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High Precision Wire Chambers. at LHC. Historic remarks Wire chambers at LHC Precision tracking: ATLAS Muon Drift Tubes Precision timing: LHCb Muon Trigger Chambers. Werner Riegler, CERN. The Basic Objects. Tube Geiger- Müller, 1928. Multi Wire Geometry, in H. Friedmann 1949 .

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High precision wire chambers l.jpg
High Precision Wire Chambers

at LHC

  • Historic remarks

  • Wire chambers at LHC

  • Precision tracking: ATLAS Muon Drift Tubes

  • Precision timing: LHCb Muon Trigger Chambers

Werner Riegler, CERN

W. Riegler/CERN


The basic objects l.jpg
The Basic Objects

Tube Geiger- Müller, 1928

Multi Wire Geometry, in H. Friedmann 1949

G. Charpak 1968

  • These geometries are widely used at LHC

  • Basic elements are unchanged since many years

  • Electronics has changed considerably

W. Riegler/CERN

historic remarks


Detector electronics 1925 l.jpg
Detector + Electronics 1925

were quite different from today

‘Über das Wesen des Compton Effekts’

W. Bothe, H. Geiger, April 1925

  • Bohr, Kramers, Slater Theorie:

  • energy is only conserved statistically

  • testing Compton effect

‘ Spitzenzähler ’

W. Riegler/CERN

historic remarks


Detector electronics 19254 l.jpg
Detector + Electronics 1925

‘Über das Wesen des Compton Effekts’, W. Bothe, H. Geiger, April 1925

  • ‘’Electronics’’:

    • Cylinders ‘P’ are on HV.

    • The needles of the counters are insulated and connected to electrometers.

  • Coincidence Photographs:

    • A light source is projecting both electrometers on a moving film role.

    • Discharges in the counters move the electrometers , which are recorded on the film.

    • The coincidences are observed by looking through many meters of film.

W. Riegler/CERN

historic remarks


Detector electronics 1929 l.jpg
Detector + Electronics 1929

‘were not very different from today’

‘Zur Vereinfachung von Koinzidenzzählungen’

W. Bothe, November 1929

Coincidence circuit for 2 tubes

Geiger Müller Tubes, 1928

W. Riegler/CERN

historic remarks


1930 1934 l.jpg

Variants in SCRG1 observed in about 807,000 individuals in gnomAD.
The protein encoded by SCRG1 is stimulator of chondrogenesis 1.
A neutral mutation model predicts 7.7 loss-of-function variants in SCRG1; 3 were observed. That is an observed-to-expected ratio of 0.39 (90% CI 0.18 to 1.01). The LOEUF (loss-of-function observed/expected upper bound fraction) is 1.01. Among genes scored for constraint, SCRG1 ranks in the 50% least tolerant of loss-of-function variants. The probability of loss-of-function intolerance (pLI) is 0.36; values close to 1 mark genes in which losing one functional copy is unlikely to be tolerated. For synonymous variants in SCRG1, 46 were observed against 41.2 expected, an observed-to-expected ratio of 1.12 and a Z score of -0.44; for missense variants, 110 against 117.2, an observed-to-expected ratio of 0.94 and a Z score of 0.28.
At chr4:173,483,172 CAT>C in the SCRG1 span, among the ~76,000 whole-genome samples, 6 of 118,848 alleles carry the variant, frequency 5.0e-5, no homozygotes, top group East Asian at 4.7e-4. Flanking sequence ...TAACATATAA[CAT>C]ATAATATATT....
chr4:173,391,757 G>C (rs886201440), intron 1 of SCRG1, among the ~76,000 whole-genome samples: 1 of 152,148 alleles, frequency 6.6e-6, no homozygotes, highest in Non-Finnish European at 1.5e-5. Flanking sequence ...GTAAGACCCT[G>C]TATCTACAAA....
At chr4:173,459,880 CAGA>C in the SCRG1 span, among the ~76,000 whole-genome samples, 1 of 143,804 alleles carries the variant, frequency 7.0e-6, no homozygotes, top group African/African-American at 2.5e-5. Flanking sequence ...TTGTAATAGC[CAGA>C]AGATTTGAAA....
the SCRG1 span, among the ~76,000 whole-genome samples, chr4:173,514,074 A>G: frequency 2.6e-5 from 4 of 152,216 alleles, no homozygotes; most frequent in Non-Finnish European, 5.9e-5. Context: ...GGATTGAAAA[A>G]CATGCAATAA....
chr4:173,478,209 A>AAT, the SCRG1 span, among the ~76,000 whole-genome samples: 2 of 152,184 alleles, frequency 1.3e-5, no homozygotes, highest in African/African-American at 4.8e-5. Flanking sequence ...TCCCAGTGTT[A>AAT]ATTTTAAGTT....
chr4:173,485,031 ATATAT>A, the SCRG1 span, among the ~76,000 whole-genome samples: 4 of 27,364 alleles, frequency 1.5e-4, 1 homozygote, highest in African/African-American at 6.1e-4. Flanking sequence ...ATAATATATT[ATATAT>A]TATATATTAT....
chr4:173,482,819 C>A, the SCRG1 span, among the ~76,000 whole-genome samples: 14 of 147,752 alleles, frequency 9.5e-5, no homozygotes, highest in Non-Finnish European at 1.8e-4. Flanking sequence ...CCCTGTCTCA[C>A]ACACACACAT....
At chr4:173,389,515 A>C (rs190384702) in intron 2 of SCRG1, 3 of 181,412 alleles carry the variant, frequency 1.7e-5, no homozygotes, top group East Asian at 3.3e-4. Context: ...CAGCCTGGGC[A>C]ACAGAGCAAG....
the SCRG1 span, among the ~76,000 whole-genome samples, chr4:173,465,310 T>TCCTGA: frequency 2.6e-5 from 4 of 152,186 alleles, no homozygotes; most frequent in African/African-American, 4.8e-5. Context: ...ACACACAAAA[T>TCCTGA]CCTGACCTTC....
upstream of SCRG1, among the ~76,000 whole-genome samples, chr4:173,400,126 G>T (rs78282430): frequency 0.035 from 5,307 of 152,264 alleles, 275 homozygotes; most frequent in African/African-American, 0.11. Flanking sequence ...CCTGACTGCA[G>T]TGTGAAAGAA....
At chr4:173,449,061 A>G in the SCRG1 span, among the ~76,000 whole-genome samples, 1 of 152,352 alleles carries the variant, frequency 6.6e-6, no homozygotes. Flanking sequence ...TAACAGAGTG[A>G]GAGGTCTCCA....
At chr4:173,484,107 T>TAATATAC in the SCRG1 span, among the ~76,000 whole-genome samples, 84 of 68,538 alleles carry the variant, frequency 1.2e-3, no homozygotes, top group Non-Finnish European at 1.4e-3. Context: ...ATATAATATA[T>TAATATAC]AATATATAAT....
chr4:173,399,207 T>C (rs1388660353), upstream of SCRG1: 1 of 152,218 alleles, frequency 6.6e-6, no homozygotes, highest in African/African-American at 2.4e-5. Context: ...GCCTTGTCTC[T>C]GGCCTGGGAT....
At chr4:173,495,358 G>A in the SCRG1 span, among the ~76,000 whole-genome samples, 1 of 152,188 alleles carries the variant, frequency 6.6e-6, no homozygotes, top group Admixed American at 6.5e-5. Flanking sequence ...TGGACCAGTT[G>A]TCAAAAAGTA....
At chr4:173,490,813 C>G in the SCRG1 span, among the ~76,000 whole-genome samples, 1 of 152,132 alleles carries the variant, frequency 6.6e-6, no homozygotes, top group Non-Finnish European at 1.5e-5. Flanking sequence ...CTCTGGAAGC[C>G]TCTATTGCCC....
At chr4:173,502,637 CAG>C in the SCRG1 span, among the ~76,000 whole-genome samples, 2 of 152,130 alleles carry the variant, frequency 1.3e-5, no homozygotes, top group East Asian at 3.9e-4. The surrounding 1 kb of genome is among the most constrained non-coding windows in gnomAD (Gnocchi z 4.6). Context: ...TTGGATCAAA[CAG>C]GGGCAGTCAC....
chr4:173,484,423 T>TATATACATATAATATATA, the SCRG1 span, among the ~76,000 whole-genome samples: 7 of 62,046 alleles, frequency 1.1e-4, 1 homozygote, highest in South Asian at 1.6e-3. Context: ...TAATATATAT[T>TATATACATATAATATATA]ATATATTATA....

1930 - 1934

Cosmic ray telescope 1934

Rossi 1930: Coincidence circuit for n tubes

W. Riegler/CERN

historic remarks


Atlas muon chamber 2000 l.jpg
ATLAS Muon Chamber 2000

looks fairly similar to 1934

W. Riegler/CERN

historic remarks


Wire chambers at lhc l.jpg
Wire Chambers at LHC

  • Cloud Chambers, Bubble Chambers, Spark Chambers … have disappeared but wire chambers are still popular.

  • While the principle detecting element has changed very little, the readout electronics integration has changed dramatically.

  • Situation can be compared to astronomy. Telescope mirrors haven’t changed much but detecting elements (CCDs etc.) improved a lot.

W. Riegler/CERN

wire chamber at LHC


Atlas l.jpg
ATLAS

  • Cathode Strip Chambers:

    • h=2.54mm, s=2.54mm

    • 67k cathode channels

    • Ar/CO2/CF4

    •   60m

  • Thin Gap Chambers

    • h=1.4mm, s=1.8mm

    • 440k cathode and anode channels

    • n-Pentane /CO2 45/55

    • : 99% in 25ns with single plane

  • Monitored Drift Tubes

    • R=15mm

    • 370k anode channels

    • Ar/CO2 93/7

    •   80m

  • Transition Radiation Tracker

    • R=2mm

    • 372k anode channels

    • Xe/CO2/CF4 70/10/20

    •   150m

Other than that - Silicon and RPCs

W. Riegler/CERN

wire chamber at LHC


Slide10 l.jpg
CMS

  • Cathode Strip Chambers:

    • 2h=9.5mm, s=3.12mm

    • 211k anode channels for timing

    • 273k cathode channels for position

    • Ar/CO2/CF4 30/50/20

    •   75-150m

  • Rectangular ‘Drift Tubes’

    • w=42mm, h=10.5mm

    • 195k anode channels

    • Ar/CO2 85/15

    •   250m

Other than that - Silicon and RPCs

W. Riegler/CERN

wire chamber at LHC


Slide11 l.jpg
LHCb

  • Cathode Strip Chambers:

    • h=2.5mm, s=1.5mm

    • 80k cathode and anode channels

    • Ar/CO2/CF4 40/50/10

    • t 3ns for two layers

  • Straw Tracker

    • R=2.5mm

    • 110k (51k) anode channels

    • Ar/CO2/CF4 75/10/15

    •   200m

Other than that - Silicon and RPCs

W. Riegler/CERN

wire chamber at LHC


Alice l.jpg
ALICE

  • TPC with wire chamber

    • 1.25-2.5mm wire pitch

    • 2 - 3 mm plane separation

    • 570k Readout Pads

    • Ne/CO2 90/10

    •   1mm

W. Riegler/CERN

wire chambers at LHC


Slide13 l.jpg

Precision tracking: ATLAS muon system

Precision timing: LHCb muon system

W. Riegler/CERN


Precision tracking atlas muon drift tubes l.jpg

Precision Tracking: ATLAS Muon Drift Tubes

  • Magnetic field

    • Toroidal magnetic field (0.5T) provided by 8 superconducting coils.

  • Three muon stations

    • ~1200 chambers,